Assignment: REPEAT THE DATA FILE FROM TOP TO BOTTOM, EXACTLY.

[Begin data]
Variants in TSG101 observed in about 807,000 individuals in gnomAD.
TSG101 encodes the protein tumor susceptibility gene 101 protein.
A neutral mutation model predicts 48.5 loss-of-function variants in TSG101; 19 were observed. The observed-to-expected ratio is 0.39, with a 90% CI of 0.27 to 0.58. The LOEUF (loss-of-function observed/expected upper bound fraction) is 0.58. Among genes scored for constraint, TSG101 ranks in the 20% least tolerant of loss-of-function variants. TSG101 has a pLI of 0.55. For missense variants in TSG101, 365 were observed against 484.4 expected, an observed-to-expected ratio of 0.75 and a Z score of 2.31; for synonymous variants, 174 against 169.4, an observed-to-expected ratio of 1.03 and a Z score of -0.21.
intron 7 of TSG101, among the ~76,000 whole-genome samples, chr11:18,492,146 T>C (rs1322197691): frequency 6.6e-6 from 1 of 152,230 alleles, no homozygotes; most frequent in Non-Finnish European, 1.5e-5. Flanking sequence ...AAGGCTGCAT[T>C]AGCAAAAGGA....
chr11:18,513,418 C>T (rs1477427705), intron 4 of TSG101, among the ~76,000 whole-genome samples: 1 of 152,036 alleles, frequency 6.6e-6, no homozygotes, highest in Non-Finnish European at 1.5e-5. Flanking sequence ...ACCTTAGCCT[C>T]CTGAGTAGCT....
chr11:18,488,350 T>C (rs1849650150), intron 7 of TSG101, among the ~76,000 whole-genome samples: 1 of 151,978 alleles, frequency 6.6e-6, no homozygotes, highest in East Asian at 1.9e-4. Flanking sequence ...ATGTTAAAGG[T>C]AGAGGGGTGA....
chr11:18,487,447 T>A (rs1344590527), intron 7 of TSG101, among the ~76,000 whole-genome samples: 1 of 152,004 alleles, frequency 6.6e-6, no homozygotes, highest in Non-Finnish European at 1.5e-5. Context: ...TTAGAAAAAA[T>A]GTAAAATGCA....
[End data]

Variants in TSG101 observed in about 807,000 individuals in gnomAD.
TSG101 encodes the protein tumor susceptibility gene 101 protein.
A neutral mutation model predicts 48.5 loss-of-function variants in TSG101; 19 were observed. The observed-to-expected ratio is 0.39, with a 90% CI of 0.27 to 0.58. The LOEUF (loss-of-function observed/expected upper bound fraction) is 0.58. Among genes scored for constraint, TSG101 ranks in the 20% least tolerant of loss-of-function variants. TSG101 has a pLI of 0.55. For missense variants in TSG101, 365 were observed against 484.4 expected, an observed-to-expected ratio of 0.75 and a Z score of 2.31; for synonymous variants, 174 against 169.4, an observed-to-expected ratio of 1.03 and a Z score of -0.21.
intron 7 of TSG101, among the ~76,000 whole-genome samples, chr11:18,492,146 T>C (rs1322197691): frequency 6.6e-6 from 1 of 152,230 alleles, no homozygotes; most frequent in Non-Finnish European, 1.5e-5. Flanking sequence ...AAGGCTGCAT[T>C]AGCAAAAGGA....
chr11:18,513,418 C>T (rs1477427705), intron 4 of TSG101, among the ~76,000 whole-genome samples: 1 of 152,036 alleles, frequency 6.6e-6, no homozygotes, highest in Non-Finnish European at 1.5e-5. Flanking sequence ...ACCTTAGCCT[C>T]CTGAGTAGCT....
chr11:18,488,350 T>C (rs1849650150), intron 7 of TSG101, among the ~76,000 whole-genome samples: 1 of 151,978 alleles, frequency 6.6e-6, no homozygotes, highest in East Asian at 1.9e-4. Flanking sequence ...ATGTTAAAGG[T>C]AGAGGGGTGA....
chr11:18,487,447 T>A (rs1344590527), intron 7 of TSG101, among the ~76,000 whole-genome samples: 1 of 152,004 alleles, frequency 6.6e-6, no homozygotes, highest in Non-Finnish European at 1.5e-5. Context: ...TTAGAAAAAA[T>A]GTAAAATGCA....